A defendant seeking to vacate a judgment entered on default must demonstrate a [*2]reasonable excuse for its delay in appearing or answering the complaint and a potentially meritorious defense to the action (see CPLR 5015[a][1]; Eugene Di Lorenzo, Inc. v A.C. Dutton Lbr. Co., 67 NY2d 138, 141; Taddeo-Amendola v 970 Assets, LLC, 72 AD3d 677). The defendant established through an employee's affidavit, which attested to a clerical oversight regarding the delay in forwarding the summons and complaint to its attorney, a reasonable excuse for the short period of time following service of the complaint in which it failed either to appear or answer the complaint (see Perez v Travco Ins. Co., 44 AD3d 738; Sound Shore Med. Ctr. v Lumbermens Mut. Cas. Co., 31 AD3d 743). Furthermore, the defendant demonstrated that it has a potentially meritorious defense to the action. Accordingly, the Supreme Court improvidently exercised its discretion in denying the defendant's motion to vacate its default and to compel acceptance of its answer in light of the strong public policy that actions be resolved on their merits, the brief delay involved, the defendant's lack of willfulness, and the absence of prejudice to the plaintiff (see Perez v Travco Ins. Co., 44 AD3d 738; New York & Presbyt. Hosp. v American Home Assur. Co., 28 AD3d 442).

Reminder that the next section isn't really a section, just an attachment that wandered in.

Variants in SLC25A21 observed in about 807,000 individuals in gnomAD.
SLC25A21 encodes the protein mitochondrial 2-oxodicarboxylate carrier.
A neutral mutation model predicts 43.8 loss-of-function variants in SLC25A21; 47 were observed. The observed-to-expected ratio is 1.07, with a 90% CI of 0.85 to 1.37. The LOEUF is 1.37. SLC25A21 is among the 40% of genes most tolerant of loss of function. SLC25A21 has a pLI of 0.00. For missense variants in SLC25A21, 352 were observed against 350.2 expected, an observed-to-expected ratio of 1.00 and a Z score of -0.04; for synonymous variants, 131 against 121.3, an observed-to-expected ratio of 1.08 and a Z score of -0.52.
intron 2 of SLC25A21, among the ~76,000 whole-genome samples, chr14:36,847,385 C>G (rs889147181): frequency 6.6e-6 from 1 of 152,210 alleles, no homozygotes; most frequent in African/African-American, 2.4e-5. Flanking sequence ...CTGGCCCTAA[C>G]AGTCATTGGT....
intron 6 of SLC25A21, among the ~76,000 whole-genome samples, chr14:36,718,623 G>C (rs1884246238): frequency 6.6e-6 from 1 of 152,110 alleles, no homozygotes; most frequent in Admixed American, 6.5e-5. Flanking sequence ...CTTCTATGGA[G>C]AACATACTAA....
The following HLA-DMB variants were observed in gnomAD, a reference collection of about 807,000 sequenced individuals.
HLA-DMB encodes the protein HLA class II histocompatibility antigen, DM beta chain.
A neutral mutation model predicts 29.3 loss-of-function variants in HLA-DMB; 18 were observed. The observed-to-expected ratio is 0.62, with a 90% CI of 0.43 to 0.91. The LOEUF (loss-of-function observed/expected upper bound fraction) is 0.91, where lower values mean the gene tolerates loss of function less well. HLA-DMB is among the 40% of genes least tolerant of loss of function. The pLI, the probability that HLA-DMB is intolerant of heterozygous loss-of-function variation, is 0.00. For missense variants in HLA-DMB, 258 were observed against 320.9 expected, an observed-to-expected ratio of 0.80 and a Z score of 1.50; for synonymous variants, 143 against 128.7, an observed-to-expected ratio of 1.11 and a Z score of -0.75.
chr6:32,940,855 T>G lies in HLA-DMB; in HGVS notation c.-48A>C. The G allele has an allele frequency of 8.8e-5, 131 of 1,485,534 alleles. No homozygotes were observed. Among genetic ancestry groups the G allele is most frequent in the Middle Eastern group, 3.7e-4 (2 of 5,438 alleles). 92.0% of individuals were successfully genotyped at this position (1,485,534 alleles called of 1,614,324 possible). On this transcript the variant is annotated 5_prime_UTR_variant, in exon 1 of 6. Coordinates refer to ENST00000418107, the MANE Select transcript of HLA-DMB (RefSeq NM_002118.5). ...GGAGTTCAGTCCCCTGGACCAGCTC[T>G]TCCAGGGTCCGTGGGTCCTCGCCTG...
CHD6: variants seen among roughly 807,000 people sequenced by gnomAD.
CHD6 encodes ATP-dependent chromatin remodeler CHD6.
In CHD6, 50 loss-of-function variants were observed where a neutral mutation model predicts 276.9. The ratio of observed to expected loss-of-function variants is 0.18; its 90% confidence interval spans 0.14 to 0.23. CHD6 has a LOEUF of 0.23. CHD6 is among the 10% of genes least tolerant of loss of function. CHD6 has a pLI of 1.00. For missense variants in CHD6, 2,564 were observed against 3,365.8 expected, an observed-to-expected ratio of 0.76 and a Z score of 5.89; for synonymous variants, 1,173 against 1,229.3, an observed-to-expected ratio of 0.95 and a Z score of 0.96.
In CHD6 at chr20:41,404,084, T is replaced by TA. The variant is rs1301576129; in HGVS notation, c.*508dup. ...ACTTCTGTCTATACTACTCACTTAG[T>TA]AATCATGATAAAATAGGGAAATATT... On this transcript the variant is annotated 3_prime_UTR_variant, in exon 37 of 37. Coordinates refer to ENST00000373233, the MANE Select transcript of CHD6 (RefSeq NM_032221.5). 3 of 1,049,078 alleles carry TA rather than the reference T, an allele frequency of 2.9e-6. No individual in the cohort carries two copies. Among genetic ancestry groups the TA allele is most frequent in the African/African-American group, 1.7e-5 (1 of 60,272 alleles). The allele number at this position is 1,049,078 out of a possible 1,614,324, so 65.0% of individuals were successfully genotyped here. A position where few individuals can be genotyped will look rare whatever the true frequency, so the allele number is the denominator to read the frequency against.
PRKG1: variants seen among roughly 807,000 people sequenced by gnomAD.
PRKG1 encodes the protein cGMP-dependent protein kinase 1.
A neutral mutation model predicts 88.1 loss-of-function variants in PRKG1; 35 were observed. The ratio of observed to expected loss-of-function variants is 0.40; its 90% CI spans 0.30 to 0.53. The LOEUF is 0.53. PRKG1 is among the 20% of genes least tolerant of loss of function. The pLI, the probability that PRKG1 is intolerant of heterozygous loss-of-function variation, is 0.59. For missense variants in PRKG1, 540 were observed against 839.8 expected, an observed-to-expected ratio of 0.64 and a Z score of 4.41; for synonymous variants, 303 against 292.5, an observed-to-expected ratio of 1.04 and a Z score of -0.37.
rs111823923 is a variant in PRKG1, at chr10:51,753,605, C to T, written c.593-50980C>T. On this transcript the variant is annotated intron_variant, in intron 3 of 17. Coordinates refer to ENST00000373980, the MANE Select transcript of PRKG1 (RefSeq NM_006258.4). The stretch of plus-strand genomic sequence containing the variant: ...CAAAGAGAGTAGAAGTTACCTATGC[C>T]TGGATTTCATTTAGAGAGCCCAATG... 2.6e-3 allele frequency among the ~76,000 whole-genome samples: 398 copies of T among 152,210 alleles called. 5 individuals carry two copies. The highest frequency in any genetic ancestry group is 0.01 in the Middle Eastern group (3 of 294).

Almost related to no-fault.

Quinones v Ksieniewicz2011 NY Slip Op 00270 (App. Div., 1st 2011)

However, defendants failed to establish prima facie that plaintiff did not sustain a medically determined injury "of a non-permanent nature" that prevented him from performing substantially all of his customary and daily activities for 90 of the 180 days immediately following the accident (see Toussaint v Claudio, 23 AD3d 268 [2005]; Feaster v Boulabat, 77 AD3d 440, 441 [2010]). The reports of defendants' medical experts were based on examinations of plaintiff conducted nearly two years after the subject accident, and addressed plaintiff's condition as of the time of the examination, not during the six months immediately after the accident. The MRI studies that the defense experts reviewed were performed 10 months after the accident.